You Can Trust Me (April 14, 2015) by Sophie McKenzie

You Can Trust MeYou Can Trust Me by Sophie McKenzie

First, thanks to the publisher through NetGalley for the opportunity to read You Can Trust Me by Sophie McKenzie.
I have been writing and rewriting my review of You Can Trust Me for days, struggling to both give credit to the hard work of the author, but also explain why this book was a big frustration for me.
Here’s my honest review:
You Can Trust Me is a mystery/thriller that I would rate at 2.5 stars on Goodreads if I could. Here’s why:
First, the plot is decent, convoluted, your sort of dime-a-dozen, uber-popular, twisty-turny-psych-thriller that is currently flying off the shelves. The plot is not bad; it does keep your attention and is a fast read.
On the other hand, the plot of You Can Trust Me is nothing new, special, or especially convincing. Though You Can Trust Me could easily be labeled “domestic-noir,” part of why the story didn’t work for me was that, on closer evaluation, it failed to explore the elements specific to that micro-genre.
There’s a very cool article on author Julia Crouch’s blog in which she coins and describes this term, first inspired by books like Gillian Flynn’s Gone Girl. You can find the url to that post here: http://juliacrouch.co.uk/blog/genre-b
Obviously, the term domestic noir is fluid and ever changing. However, what I love so much about domestic-noir-psychological-thrillers over and above say, a novel I would describe as a mystery-thriller, is in large part lacking in You Can Trust Me.
You Can Trust Me has many of the surface elements that I associate with domestic noir, such as an every-woman female protagonist who investigates a crime and discovers that someone she knows is not who they seem. The story also features a classic sociopath (or should I say, someone who exhibits all the clichés that are generally associated with a sociopaths.) However. Most murders, in real life, and in mystery fiction in general, are committed by someone the victim knows. Also, mysteries, by definition, involve the uncovering of secrets.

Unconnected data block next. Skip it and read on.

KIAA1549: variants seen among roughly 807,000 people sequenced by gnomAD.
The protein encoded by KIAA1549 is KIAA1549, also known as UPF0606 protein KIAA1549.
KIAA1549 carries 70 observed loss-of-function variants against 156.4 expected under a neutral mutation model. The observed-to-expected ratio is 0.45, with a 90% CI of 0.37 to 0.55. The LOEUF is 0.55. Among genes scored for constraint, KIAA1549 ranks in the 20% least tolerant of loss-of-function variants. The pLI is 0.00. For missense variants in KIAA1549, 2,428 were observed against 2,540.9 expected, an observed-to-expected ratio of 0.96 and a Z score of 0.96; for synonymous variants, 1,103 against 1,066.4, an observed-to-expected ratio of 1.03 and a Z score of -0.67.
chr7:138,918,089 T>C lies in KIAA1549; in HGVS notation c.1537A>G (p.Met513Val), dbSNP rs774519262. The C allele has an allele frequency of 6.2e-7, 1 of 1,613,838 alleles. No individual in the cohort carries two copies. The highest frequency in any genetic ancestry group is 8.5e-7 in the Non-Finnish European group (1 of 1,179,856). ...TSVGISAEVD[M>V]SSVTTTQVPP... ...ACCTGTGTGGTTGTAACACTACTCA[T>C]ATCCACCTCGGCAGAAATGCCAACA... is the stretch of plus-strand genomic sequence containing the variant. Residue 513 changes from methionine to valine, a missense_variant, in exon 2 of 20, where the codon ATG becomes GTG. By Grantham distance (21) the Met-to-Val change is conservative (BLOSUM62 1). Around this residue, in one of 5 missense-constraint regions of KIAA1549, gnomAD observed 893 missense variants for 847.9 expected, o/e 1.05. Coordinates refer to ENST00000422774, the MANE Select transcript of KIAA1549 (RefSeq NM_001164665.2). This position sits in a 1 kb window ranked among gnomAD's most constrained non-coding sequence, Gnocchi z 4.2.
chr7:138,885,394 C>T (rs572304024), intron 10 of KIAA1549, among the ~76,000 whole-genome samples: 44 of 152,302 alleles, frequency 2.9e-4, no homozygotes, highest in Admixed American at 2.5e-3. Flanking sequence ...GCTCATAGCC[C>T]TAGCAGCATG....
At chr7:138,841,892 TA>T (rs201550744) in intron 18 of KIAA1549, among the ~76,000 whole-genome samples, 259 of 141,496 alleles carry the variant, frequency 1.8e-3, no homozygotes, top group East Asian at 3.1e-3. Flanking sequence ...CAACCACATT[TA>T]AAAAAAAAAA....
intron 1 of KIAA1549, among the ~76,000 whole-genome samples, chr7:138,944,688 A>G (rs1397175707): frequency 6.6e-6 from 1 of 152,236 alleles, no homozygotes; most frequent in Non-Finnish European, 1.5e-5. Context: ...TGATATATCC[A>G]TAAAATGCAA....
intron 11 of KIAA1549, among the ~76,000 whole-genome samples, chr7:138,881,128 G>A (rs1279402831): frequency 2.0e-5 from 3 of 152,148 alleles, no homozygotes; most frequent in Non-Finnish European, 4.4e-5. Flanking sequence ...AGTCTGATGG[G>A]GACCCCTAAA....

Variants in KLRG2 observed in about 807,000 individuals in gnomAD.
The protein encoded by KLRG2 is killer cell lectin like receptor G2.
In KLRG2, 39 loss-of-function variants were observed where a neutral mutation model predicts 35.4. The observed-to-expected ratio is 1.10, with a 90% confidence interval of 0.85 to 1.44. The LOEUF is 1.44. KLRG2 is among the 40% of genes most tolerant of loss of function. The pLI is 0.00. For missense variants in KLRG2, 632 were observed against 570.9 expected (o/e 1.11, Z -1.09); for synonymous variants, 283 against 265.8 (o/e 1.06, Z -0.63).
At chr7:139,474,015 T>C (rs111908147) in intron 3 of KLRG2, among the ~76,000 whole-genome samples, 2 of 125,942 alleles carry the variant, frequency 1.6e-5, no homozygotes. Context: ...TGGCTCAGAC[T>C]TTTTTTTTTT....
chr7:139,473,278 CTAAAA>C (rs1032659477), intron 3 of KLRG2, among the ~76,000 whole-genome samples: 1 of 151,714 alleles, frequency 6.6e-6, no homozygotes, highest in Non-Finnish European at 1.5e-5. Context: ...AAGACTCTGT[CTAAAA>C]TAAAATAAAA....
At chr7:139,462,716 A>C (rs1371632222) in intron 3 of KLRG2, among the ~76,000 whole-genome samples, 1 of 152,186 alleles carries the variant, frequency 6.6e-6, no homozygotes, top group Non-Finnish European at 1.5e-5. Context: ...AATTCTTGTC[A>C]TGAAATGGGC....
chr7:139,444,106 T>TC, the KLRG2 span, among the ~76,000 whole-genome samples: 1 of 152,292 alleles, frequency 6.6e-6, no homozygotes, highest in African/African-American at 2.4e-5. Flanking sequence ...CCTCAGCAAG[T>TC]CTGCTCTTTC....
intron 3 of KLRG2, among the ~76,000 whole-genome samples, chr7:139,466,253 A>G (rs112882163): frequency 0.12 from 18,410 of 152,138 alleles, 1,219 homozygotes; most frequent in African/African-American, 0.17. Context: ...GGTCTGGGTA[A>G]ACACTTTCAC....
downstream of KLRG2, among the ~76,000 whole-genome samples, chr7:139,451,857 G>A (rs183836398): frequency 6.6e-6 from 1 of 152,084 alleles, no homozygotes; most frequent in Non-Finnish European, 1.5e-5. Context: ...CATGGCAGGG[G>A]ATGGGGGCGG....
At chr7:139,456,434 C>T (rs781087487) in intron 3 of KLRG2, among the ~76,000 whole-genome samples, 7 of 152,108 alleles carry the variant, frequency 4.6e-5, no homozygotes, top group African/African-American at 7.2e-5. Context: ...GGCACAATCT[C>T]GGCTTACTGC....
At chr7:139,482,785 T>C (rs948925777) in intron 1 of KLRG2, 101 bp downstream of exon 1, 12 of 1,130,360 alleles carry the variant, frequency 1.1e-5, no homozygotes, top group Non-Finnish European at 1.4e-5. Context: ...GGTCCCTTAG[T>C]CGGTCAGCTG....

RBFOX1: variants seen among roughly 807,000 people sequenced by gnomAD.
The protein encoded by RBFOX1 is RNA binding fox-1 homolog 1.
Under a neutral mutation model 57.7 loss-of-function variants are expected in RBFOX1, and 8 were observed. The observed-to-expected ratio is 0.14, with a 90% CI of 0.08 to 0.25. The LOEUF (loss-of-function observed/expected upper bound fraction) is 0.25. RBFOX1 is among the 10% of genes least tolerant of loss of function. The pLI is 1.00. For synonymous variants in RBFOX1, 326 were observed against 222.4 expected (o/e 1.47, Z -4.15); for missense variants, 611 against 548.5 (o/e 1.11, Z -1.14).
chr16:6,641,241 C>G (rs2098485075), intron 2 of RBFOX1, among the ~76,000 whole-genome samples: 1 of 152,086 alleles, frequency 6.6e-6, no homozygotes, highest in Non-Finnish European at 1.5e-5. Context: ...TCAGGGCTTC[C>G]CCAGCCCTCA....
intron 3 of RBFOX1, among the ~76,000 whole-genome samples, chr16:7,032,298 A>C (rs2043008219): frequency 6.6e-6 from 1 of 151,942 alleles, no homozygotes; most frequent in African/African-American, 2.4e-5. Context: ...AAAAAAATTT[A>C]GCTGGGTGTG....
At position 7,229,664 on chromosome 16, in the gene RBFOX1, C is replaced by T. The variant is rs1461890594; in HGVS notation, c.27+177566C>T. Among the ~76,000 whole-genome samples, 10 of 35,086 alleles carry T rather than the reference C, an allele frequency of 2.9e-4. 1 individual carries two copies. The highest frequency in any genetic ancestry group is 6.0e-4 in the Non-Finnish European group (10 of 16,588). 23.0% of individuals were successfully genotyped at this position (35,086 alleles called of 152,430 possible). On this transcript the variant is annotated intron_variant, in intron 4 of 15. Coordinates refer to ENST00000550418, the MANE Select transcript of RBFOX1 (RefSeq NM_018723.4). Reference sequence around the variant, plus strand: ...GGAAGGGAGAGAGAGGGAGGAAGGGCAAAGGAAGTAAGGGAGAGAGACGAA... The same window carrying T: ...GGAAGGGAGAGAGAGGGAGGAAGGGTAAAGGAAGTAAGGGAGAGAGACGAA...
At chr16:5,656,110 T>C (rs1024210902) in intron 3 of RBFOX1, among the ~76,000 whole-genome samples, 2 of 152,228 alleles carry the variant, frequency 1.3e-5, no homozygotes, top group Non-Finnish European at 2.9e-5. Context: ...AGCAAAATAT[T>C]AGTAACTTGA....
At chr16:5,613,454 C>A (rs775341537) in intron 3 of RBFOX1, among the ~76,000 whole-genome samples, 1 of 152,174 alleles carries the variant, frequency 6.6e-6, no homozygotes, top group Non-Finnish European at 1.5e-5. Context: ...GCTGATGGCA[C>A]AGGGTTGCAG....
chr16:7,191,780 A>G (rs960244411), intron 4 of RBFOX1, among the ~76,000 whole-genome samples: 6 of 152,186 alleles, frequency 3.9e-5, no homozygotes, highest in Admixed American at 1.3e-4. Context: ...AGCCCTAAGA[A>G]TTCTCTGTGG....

Without giving away plot spoilers, I will say that I don’t feel that You Can Trust Me explored power dynamics or revealed a dark reality lurking beneath the ordinary in a way different from most mystery novels. Furthermore, I found the token sociopathic killer to be surprisingly lacking as far as being a psychologically interesting character.
This lack of originality unfortunately reflected a larger problem within the novel. You Can Trust Me relied heavily on clichés. An example of this is that at one point, the main character Livy makes the clearly brilliant decision to drive out to an isolated farmhouse on a lonely moor with a man she barely knows. The description here is what I can only describe as lazy, and the scene itself, set in a Deliverance-style farmhouse, increasingly jumps the shark as the action unfolds.
The story took on the quality of a “B” grade horror film, and I found myself feeling increasingly emotionally disconnected from the characters.
The worst part of all this, for me, was that this description was one of the only times in the book in which the McKenzie actually attempted to create any sense of place. You Can Trust Me is set in several locations which literally ooze atmosphere, including Bath, Dorset, and other locations in the English countryside. Yet, aside from the house of horrors mentioned above, nary a descriptive word is used. Livy in fact states that she always found growing up in Bath dull (and of course, she has every right to her own opinion), but as an anglophile and traveler who adores Bath, it made me sad that Livy was meeting people in front of cathedrals and such, and seemed completely blind to or even dismissive of the beauty around her.
However, as I’ve implied above, Livy also does a lot of driving/riding around southern England during the course of the novel. From my admittedly limited experience travelling by bus, taxi, train, and tube in that area, I found the ease (and perhaps the distance) with which Livy traipsed all over the place within the course of a day unrealistic. Livy has nary a wait for a taxi or a bus, no matter how remote her location.
And finally, I felt frustrated by the sentiments that Livy expresses at the very end of the novel. Without revealing spoilers, I’ll just say that the conclusion that Livy comes to for herself is based on one condition specific to her personal, fictional situation. However, the conclusion she makes is presented in such a way that it would be easy for a reader to extend it to similar situations in the real world (which do not have the single condition that makes Livy’s opinion a possibility). My feeling as I finished You Can Trust Me was that of being let down, and told a story with lazy writing, and hazy logic.

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